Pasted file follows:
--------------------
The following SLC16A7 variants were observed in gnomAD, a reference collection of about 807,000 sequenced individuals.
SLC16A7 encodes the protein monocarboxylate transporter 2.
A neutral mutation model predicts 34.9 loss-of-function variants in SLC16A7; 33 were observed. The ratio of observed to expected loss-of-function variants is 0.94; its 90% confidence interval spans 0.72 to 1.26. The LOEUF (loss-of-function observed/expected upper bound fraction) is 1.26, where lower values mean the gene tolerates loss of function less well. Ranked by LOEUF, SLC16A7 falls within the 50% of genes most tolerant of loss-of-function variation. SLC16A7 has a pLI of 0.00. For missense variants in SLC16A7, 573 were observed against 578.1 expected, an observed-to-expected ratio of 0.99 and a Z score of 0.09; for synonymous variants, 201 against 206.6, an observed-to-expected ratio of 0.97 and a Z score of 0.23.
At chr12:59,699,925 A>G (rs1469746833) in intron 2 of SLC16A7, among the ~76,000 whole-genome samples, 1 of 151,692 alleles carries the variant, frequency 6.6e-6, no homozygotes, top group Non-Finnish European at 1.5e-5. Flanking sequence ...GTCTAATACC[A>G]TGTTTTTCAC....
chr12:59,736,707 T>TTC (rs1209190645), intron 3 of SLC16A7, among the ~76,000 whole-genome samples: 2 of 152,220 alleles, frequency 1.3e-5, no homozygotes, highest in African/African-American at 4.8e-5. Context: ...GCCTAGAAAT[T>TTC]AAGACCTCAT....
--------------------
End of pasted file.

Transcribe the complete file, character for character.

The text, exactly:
The following SLC16A7 variants were observed in gnomAD, a reference collection of about 807,000 sequenced individuals.
SLC16A7 encodes the protein monocarboxylate transporter 2.
A neutral mutation model predicts 34.9 loss-of-function variants in SLC16A7; 33 were observed. The ratio of observed to expected loss-of-function variants is 0.94; its 90% confidence interval spans 0.72 to 1.26. The LOEUF (loss-of-function observed/expected upper bound fraction) is 1.26, where lower values mean the gene tolerates loss of function less well. Ranked by LOEUF, SLC16A7 falls within the 50% of genes most tolerant of loss-of-function variation. SLC16A7 has a pLI of 0.00. For missense variants in SLC16A7, 573 were observed against 578.1 expected, an observed-to-expected ratio of 0.99 and a Z score of 0.09; for synonymous variants, 201 against 206.6, an observed-to-expected ratio of 0.97 and a Z score of 0.23.
At chr12:59,699,925 A>G (rs1469746833) in intron 2 of SLC16A7, among the ~76,000 whole-genome samples, 1 of 151,692 alleles carries the variant, frequency 6.6e-6, no homozygotes, top group Non-Finnish European at 1.5e-5. Flanking sequence ...GTCTAATACC[A>G]TGTTTTTCAC....
chr12:59,736,707 T>TTC (rs1209190645), intron 3 of SLC16A7, among the ~76,000 whole-genome samples: 2 of 152,220 alleles, frequency 1.3e-5, no homozygotes, highest in African/African-American at 4.8e-5. Context: ...GCCTAGAAAT[T>TTC]AAGACCTCAT....